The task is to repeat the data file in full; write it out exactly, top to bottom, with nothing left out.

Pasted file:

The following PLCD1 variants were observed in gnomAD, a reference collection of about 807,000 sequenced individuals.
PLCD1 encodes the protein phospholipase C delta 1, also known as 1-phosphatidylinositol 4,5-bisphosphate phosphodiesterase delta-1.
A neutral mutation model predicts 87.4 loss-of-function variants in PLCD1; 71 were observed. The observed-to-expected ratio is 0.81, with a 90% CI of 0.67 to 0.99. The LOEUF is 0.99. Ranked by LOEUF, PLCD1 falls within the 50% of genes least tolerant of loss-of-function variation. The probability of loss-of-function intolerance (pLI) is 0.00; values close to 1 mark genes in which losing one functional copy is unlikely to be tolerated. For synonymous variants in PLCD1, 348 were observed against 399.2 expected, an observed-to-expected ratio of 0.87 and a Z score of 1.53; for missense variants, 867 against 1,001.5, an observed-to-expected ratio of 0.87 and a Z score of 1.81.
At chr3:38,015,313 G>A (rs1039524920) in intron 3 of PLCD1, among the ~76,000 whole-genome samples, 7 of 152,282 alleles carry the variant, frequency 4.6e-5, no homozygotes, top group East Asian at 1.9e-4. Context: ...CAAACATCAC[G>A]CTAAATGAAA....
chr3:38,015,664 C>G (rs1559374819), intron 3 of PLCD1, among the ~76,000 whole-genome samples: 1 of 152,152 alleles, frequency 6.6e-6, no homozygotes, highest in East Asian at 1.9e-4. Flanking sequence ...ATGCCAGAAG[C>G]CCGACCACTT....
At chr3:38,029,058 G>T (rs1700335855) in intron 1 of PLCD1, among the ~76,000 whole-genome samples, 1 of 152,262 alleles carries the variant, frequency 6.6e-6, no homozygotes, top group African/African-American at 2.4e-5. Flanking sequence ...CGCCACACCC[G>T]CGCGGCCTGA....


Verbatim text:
The following PLCD1 variants were observed in gnomAD, a reference collection of about 807,000 sequenced individuals.
PLCD1 encodes the protein phospholipase C delta 1, also known as 1-phosphatidylinositol 4,5-bisphosphate phosphodiesterase delta-1.
A neutral mutation model predicts 87.4 loss-of-function variants in PLCD1; 71 were observed. The observed-to-expected ratio is 0.81, with a 90% CI of 0.67 to 0.99. The LOEUF is 0.99. Ranked by LOEUF, PLCD1 falls within the 50% of genes least tolerant of loss-of-function variation. The probability of loss-of-function intolerance (pLI) is 0.00; values close to 1 mark genes in which losing one functional copy is unlikely to be tolerated. For synonymous variants in PLCD1, 348 were observed against 399.2 expected, an observed-to-expected ratio of 0.87 and a Z score of 1.53; for missense variants, 867 against 1,001.5, an observed-to-expected ratio of 0.87 and a Z score of 1.81.
At chr3:38,015,313 G>A (rs1039524920) in intron 3 of PLCD1, among the ~76,000 whole-genome samples, 7 of 152,282 alleles carry the variant, frequency 4.6e-5, no homozygotes, top group East Asian at 1.9e-4. Context: ...CAAACATCAC[G>A]CTAAATGAAA....
chr3:38,015,664 C>G (rs1559374819), intron 3 of PLCD1, among the ~76,000 whole-genome samples: 1 of 152,152 alleles, frequency 6.6e-6, no homozygotes, highest in East Asian at 1.9e-4. Flanking sequence ...ATGCCAGAAG[C>G]CCGACCACTT....
At chr3:38,029,058 G>T (rs1700335855) in intron 1 of PLCD1, among the ~76,000 whole-genome samples, 1 of 152,262 alleles carries the variant, frequency 6.6e-6, no homozygotes, top group African/African-American at 2.4e-5. Flanking sequence ...CGCCACACCC[G>T]CGCGGCCTGA....